I’ve just returned from a council meeting, with Gilby in tow that was both stressful and interesting. Low point was him driving a car over the head of the (slightly older) lady sat next to me. Oh, and pulling his pants down. But it did reinforce the need for a working and meeting space that includes flexible childcare though. Which incidentally, is exactly why I was there.
I left my job because I was unable to balance parenting and a career. It’s a common problem. Research by Digital Mums found that of the women that leave the workforce, 70% said they found it impossible to combine their career and family life. 800k women are self-employed and work part time in the UK and in 2014 mums that are entrepreneurs (I refuse to use the terrible mumpre… phrase) contributed £7.2bn to the economy. And as more people like me evaluate their life choices, you can be sure that these figures will continue to grow.
In today’s connected world, with the technology that we all use day-to-day, it’s farcical that work and childcare remain so static and rigid.
Having chosen to make myself unemployed, I followed a well-trodden path in to freelance work. Bristol is the second largest freelance city in the UK, and the South West as a whole has the highest proportion of home-workers in the country. But soon into my first month of gainful (self) employment I started to miss being in an inspiring work environment and speaking to other people! It was actually rather lonely.
I began exploring the idea of setting up an inclusive co-working space and, speaking to my sister-in-law Katie about her childcare struggles when setting up mush, decided childcare needed to be included. I quickly discovered a brilliant group of Freelance Mums in Bristol that were exploring a similar idea. And after autumn’s trials and tribulations, I am pleased to say that we’re now working together to make this happen.
Stage one has involved a lot of desk-based research to scope out what’s already available and refining the vision. There are a handful of co-working nurseries dotted around the country, but none that encapsulate my entire vision. When I think about our ‘why’, it’s about enabling parents to have the career that they want, whilst being the parents that they want to be. There shouldn’t need to be a compromise. In today’s connected world, with the technology that we all use day-to-day, it’s farcical that work and childcare remain so static and rigid. And it can be so hard for mums in particular to start their own business due to the strain that finding childcare puts on us.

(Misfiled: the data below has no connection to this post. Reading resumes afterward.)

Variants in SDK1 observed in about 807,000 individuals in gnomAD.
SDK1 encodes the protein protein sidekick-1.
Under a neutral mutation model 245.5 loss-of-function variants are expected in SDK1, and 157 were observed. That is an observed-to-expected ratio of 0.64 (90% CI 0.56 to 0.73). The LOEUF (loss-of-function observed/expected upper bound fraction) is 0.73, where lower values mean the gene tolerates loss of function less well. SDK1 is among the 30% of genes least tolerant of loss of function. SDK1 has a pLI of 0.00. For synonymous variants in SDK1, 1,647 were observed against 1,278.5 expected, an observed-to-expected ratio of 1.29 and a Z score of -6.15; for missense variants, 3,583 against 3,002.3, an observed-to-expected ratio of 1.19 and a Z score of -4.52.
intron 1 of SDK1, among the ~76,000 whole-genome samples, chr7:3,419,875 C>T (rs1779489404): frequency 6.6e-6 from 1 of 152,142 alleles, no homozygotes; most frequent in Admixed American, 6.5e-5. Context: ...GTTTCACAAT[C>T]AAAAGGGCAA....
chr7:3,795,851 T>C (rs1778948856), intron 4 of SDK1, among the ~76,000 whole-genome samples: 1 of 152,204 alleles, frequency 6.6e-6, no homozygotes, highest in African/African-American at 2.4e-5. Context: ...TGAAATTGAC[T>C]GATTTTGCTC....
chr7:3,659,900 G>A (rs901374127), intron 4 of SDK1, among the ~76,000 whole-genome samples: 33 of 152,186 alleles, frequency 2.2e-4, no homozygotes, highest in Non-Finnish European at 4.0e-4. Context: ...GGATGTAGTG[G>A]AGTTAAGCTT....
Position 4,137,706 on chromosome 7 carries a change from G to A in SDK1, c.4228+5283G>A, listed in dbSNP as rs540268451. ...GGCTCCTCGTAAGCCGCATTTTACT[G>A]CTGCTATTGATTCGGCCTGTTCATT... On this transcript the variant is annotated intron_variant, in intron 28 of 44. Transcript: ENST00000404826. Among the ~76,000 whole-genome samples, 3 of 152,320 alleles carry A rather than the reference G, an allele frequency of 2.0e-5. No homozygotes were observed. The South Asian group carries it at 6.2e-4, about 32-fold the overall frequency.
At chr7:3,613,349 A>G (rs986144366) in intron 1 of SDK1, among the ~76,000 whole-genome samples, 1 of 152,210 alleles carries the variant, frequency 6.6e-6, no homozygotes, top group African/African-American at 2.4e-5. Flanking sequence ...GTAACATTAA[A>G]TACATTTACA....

Outlining the problem has been the easy bit. Figuring out how we’re actually going to make it happen, is trickier!
Outlining the problem has been the easy bit. Figuring out how we’re actually going to make it happen, is trickier! Right now we are looking to meet as many relevant people as possible to begin conversations on funding, whilst evolving the offering. A key element of our space will be around social inclusion: those that can afford to pay to use the space will help support those that can’t (financially, but also through mentoring and knowledge sharing). We’ll create commercial partnerships to underpin this proposition, but community will be at the heart. As a city, I feel proud that Bristol has a strong heritage for diversity and social integration. And believe that we have a wonderful opportunity as a city to show how something like this can be both commercial and socially inclusive.
So what next? More research, more meetings and hopefully a temporary pop-up space to test and evolve the concept further. It’s a wonderful feeling to not only unearth my sense of purpose, but also find other people that share the vision. But it’s safe to say that 2017’s goal will be to bring a co-working space, with childcare, to Bristol. And Gilby won’t be coming to any other meetings with me for fear of him scuppering the whole blinking thing!
Photograph by Camilla Rigby.
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